In addition to the Le Mans 24hr race, Ryo Michigami competes in the top racing categories in Japan. In 2017, he was the first regular driver from Japan to not only compete in the FIA World Touring Car Championship (WTCC), but to achieve a podium finish at the opening race of the 9th round in Macao in November of the same year. Ryu Michigami is also known amongst GP on-road racers as a top competitor in R/C car racing, having finished 3rd in the INFERNO GT2 class at the 42nd Kyosho Grand Prix held on 9-10 December 2017. Having extensive experience driving 1/8 GP racing cars and 1/10 GP Touring cars, Mr. Michigami says the INFERNO GT3 is the most enjoyable R/C car he has ever driven. We ask Mr. Michigami what makes the GT3 so great…
Compared to other competition-level models, the GT3 doesn’t need severe control driving & setting
The INFERNO GT3 has a bigger body and more weight compared to other touring car categories. On one hand, 1/10 scale GP touring cars are light weight and deliver the sharp and peaky movement characteristic of R/C cars. The peaky movement of the GP touring car makes it difficult to react. As the GT3 carries more weight and height, the high power and speed is easier to control and get a feel for the road, just like a real touring car. Even though I’m looking down at the car from the driver stand, I can see and feel the GT3’s movement and response.
In addition, GP touring cars can’t really produce an over reaction, especially with high grip of sponge tires and the timing lag when the accelerator is applied, but the GT3 maintains control even with aggressive manoeuvres. To enable this control style, high rear grip is needed, but as with full-size cars with sharp front-end response, corners need to be handled carefully. However, cars with high rear grip can adapt with various loads in the front and applying acceleration earlier when cornering etc. From the point of view of a racing car driver, high rear grip is expected. Its testing even for a real racing car with sharp front end response, but without this, dynamic driving and manoeuvrability isn’t possible and I feel the car doesn’t perform to the same level as my driving technique, so I can’t drive as fast. This is why I say the GT3 is close to driving a full-size racing car.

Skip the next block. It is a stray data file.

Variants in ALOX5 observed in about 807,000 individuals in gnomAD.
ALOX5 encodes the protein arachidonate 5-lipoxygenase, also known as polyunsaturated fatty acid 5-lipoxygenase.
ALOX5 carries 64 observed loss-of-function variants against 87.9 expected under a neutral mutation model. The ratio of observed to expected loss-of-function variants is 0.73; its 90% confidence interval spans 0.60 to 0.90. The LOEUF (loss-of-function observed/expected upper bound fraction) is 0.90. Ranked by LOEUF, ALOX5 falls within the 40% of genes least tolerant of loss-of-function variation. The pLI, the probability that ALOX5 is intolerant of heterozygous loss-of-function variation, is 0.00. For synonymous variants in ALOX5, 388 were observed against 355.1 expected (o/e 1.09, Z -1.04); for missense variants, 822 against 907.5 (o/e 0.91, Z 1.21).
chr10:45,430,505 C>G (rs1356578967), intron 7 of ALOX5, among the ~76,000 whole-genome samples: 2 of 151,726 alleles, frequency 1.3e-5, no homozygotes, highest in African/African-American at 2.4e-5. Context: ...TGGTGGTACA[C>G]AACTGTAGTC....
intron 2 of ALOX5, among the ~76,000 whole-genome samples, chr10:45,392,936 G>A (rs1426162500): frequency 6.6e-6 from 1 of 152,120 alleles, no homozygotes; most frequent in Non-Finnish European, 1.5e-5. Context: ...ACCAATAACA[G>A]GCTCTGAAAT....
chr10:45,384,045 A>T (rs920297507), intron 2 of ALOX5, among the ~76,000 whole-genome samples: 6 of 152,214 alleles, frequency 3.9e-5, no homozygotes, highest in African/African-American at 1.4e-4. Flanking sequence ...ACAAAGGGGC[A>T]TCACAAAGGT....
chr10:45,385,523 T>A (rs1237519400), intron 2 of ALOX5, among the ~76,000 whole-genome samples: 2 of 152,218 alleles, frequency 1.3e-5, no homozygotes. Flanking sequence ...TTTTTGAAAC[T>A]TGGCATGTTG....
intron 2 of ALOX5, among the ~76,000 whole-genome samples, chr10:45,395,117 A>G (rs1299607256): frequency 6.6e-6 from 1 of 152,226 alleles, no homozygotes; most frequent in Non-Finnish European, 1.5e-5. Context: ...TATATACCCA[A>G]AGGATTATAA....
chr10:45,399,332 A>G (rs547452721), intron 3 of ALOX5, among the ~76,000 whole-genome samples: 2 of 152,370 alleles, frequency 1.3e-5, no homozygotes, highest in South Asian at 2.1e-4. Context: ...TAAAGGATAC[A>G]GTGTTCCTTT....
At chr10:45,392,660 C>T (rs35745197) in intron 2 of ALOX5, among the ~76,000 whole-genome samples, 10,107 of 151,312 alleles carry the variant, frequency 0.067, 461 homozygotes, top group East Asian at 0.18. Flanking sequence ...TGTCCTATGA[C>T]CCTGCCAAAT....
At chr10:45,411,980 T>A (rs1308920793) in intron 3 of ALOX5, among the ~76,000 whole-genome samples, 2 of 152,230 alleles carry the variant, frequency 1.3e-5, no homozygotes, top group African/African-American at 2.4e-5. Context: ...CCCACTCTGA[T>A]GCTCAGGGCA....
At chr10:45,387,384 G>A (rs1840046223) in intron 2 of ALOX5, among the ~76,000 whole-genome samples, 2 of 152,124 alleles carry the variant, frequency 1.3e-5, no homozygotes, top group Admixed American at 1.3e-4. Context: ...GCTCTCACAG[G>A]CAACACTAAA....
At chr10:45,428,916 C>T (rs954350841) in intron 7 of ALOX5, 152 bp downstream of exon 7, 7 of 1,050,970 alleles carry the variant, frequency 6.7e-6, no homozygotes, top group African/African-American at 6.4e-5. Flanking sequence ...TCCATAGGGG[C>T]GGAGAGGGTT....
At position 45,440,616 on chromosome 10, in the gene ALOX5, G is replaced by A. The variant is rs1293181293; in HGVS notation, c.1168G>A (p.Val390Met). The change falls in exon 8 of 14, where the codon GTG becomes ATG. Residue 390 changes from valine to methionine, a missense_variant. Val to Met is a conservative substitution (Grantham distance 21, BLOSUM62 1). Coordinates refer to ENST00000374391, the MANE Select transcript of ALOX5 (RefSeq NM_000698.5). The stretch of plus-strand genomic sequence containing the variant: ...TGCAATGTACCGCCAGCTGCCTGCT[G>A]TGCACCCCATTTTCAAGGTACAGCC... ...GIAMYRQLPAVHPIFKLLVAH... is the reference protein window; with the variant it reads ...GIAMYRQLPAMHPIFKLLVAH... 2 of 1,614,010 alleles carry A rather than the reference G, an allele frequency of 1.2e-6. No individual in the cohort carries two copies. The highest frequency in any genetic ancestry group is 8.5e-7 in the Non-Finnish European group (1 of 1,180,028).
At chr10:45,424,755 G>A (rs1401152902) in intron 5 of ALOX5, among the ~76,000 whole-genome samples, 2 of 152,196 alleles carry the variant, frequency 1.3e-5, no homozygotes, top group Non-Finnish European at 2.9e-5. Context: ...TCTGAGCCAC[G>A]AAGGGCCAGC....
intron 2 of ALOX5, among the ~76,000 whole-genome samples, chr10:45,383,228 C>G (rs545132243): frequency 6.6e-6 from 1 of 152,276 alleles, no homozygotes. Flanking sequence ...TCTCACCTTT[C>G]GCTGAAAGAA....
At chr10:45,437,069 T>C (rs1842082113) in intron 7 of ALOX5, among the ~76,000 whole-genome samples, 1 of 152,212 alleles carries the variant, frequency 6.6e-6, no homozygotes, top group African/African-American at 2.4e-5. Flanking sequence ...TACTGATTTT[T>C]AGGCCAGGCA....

Also, the number of times throttle is applied when driving 1/8 GP or 1/10 GP touring cars feels very repetitive. Normally I would like to open the throttle quickly but as the rear will slip I am forced to moderate the pace at which I open the throttle. I feel this throttle work is quite wasteful. However the GT3 throttle and acceleration feels much smoother and I really enjoy the control.
Of course the 1/8 on-road racing car is the pinnacle of GP on-road performance and driving through corners at that speed is really exciting. Even though the thrill of driving touring cars is great, each machine needs experience and time to setup for optimal performance. Of course the GT3 needs to be setup as well, but its not too severe and with a general understanding of conditions such as winter or summer, loose dirt or high grip etc., it will handle really well.
I felt the evolutionary leap of the GT3 through its high rear grip
Mr. Michigami dove the GT3 at the 42nd Kyosho Grand Prix in 2017, and also drove the INFERNO GT2 at the 41st event a year earlier. What is Mr. Michigami’s evaluation of the full model change in the GT3? This is an interesting question for those considering buying a GT3 or upgrading from the GT2.
The most significant difference is the increased rear stability of the GT3. While I can sense some understeer in the front, this was also noticeable in the GT2. However with the GT2, it would transition quickly from understeer to oversteer causing the rear to step-out. This does not happen at all with the GT3, so when setting up you can focus on how much you want the front to turn. Also there is plenty of suspension stroke that increases surface tracing and control over gaps. This makes racing the GT3 against other cars the most fun I’ve had with R/C racing.